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Tax forms update - declaring 2016 income

This year’s French Income Tax forms (for declaring 2016 income in April-May 2017) are now available and there are some last-minute changes on last year’s forms. We detail these, with references to our new Connexion helpguide to the French Tax Forms, below. 

The addendum here is for our 2017 Income Tax guide and is produced to complement and update the wording of the guide, but does not replace it. It is produced because at the time of publishing our help guide the final versions of this year's forms had not been released. Our help guide is still on sale at this link.

Please note also that this year’s declaration deadlines have now been released.

 Declaration dates

The online declaration service opens on Wednesday April 12 at and paper forms will be arriving / available at around the same time.

The deadlines for online declarations for residents of France are:

  • Departments 01-19 – Midnight Tuesday May 23
  • Departments 20-49 – Midnight Tuesday May 30
  • Departments 50-974/976 – Midnight June 6
  • The deadline for paper declarations is the same regardless of which department you live in and is midnight May 17.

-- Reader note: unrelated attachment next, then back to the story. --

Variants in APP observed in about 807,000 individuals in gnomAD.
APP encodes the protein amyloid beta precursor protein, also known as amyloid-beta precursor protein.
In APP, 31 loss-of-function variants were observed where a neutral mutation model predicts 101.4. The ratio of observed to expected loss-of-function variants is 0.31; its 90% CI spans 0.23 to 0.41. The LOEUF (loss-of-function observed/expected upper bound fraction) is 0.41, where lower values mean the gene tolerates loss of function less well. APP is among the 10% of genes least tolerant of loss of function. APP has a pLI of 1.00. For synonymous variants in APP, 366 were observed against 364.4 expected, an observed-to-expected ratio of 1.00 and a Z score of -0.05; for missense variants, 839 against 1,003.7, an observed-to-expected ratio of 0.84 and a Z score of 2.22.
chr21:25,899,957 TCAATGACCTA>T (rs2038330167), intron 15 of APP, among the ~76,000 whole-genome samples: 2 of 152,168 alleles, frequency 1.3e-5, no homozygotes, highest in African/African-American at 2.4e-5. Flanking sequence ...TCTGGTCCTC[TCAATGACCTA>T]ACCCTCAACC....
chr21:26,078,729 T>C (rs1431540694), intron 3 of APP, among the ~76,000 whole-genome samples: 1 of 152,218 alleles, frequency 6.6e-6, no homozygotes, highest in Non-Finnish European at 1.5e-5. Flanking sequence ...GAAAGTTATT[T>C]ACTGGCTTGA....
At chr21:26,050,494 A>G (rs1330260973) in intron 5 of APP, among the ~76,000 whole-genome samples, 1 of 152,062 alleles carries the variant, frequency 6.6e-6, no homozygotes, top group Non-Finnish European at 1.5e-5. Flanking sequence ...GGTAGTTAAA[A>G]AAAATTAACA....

• As in 2016, non-residents making a paper declaration must also do so by the same date as residents of France - May 17. This year, non-residents declaring online must do so by the same deadline as the first group of French departments, that is May 23. This is earlier than last year, when the deadline was aligned with the last group of departments. 


Tax credits and reductions


This year there is a new form for tax credits and reductions - 2042 RICI, which stands for reductions d’impôt crédits d’impôt.

In a previous year’s reform the tax authorities moved claim boxes for eco-friendly home renovations from the main 2042 to a new form, 2042QE. Claims for some other kinds of income tax credit (home help, gifts to charities…) were still made on the last page of the 2042, section 7.

As of this year’s declarations the 2042QE is abolished and section 7 has been deleted from the 2042. The 2042 RICI replaces these.